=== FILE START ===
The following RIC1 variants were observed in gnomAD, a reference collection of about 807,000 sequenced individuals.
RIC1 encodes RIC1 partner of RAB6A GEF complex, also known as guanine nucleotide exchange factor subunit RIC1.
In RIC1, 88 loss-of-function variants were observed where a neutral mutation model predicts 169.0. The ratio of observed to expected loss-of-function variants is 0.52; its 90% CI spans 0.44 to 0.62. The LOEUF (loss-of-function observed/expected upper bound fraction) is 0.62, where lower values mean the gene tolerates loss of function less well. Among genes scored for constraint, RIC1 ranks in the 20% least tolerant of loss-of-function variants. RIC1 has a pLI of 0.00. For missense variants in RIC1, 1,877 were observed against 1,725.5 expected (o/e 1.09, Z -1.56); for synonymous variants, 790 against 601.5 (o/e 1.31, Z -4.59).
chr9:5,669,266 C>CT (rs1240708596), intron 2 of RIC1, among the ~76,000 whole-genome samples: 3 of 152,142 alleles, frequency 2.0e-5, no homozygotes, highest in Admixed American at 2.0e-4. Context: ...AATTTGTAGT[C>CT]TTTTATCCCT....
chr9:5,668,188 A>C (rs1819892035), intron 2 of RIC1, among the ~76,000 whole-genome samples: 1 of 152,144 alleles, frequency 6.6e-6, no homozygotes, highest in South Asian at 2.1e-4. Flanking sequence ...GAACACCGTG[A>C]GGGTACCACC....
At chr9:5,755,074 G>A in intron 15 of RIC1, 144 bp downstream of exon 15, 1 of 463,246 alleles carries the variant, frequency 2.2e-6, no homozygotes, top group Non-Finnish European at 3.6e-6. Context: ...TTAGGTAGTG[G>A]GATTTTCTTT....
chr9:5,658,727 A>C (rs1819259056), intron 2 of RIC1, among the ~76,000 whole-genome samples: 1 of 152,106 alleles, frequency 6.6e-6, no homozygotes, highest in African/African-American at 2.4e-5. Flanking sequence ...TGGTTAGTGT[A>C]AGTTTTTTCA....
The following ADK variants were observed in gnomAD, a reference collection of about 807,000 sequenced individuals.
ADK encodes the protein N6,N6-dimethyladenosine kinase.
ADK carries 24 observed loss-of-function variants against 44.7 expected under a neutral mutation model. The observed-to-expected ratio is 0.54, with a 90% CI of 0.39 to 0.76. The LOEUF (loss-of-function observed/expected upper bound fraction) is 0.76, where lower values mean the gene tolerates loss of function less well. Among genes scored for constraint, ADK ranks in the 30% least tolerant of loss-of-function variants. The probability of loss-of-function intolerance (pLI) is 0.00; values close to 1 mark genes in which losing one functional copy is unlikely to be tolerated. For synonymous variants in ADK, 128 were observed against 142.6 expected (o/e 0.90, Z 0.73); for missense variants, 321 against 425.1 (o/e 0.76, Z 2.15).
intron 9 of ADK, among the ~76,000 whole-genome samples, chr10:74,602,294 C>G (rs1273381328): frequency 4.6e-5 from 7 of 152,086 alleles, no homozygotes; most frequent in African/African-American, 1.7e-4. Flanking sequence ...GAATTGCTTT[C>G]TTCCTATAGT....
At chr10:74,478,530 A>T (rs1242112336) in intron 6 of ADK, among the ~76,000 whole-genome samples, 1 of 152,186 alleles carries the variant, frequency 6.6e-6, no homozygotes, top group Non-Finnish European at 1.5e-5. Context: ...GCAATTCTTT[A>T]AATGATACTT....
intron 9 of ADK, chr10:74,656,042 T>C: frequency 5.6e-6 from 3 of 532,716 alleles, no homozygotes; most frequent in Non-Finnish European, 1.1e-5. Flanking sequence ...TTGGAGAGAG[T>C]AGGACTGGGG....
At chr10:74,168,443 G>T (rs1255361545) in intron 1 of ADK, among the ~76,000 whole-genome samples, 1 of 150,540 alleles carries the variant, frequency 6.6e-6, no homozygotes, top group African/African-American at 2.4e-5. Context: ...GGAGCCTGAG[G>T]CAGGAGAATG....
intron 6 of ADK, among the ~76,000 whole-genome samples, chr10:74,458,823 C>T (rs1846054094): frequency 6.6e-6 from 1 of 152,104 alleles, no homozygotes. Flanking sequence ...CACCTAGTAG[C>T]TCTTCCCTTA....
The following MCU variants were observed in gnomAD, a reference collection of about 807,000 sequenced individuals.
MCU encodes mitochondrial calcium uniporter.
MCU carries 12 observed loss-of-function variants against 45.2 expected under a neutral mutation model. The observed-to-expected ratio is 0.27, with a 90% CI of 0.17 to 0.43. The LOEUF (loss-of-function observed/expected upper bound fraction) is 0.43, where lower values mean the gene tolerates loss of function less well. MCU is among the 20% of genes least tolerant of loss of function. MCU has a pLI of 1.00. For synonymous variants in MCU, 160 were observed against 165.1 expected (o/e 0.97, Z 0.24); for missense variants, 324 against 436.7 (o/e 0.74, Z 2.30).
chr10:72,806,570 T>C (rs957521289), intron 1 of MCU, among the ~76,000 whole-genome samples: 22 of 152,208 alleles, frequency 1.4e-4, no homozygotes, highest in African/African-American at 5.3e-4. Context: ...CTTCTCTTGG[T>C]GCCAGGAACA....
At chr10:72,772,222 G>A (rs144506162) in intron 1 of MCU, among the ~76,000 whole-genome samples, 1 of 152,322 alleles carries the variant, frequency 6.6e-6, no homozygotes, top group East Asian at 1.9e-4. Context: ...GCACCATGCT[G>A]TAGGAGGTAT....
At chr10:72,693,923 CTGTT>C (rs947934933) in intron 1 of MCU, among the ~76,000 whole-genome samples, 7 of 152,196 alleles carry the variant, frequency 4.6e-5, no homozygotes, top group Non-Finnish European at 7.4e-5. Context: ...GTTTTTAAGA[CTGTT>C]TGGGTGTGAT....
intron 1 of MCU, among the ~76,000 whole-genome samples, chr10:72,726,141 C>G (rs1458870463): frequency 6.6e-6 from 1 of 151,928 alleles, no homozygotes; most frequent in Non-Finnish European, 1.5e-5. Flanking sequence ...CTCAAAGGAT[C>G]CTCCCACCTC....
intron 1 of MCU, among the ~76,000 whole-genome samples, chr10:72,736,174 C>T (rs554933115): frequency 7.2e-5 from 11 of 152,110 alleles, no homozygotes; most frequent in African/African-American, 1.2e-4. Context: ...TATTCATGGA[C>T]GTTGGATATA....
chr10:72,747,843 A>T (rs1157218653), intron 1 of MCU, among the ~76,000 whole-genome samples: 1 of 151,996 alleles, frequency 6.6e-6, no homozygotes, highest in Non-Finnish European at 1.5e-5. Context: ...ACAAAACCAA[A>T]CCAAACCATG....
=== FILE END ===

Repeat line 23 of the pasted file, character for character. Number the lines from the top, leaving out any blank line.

intron 1 of MCU, among the ~76,000 whole-genome samples, chr10:72,736,174 C>T (rs554933115): frequency 7.2e-5 from 11 of 152,110 alleles, no homozygotes; most frequent in African/African-American, 1.2e-4. Context: ...TATTCATGGA[C>T]GTTGGATATA....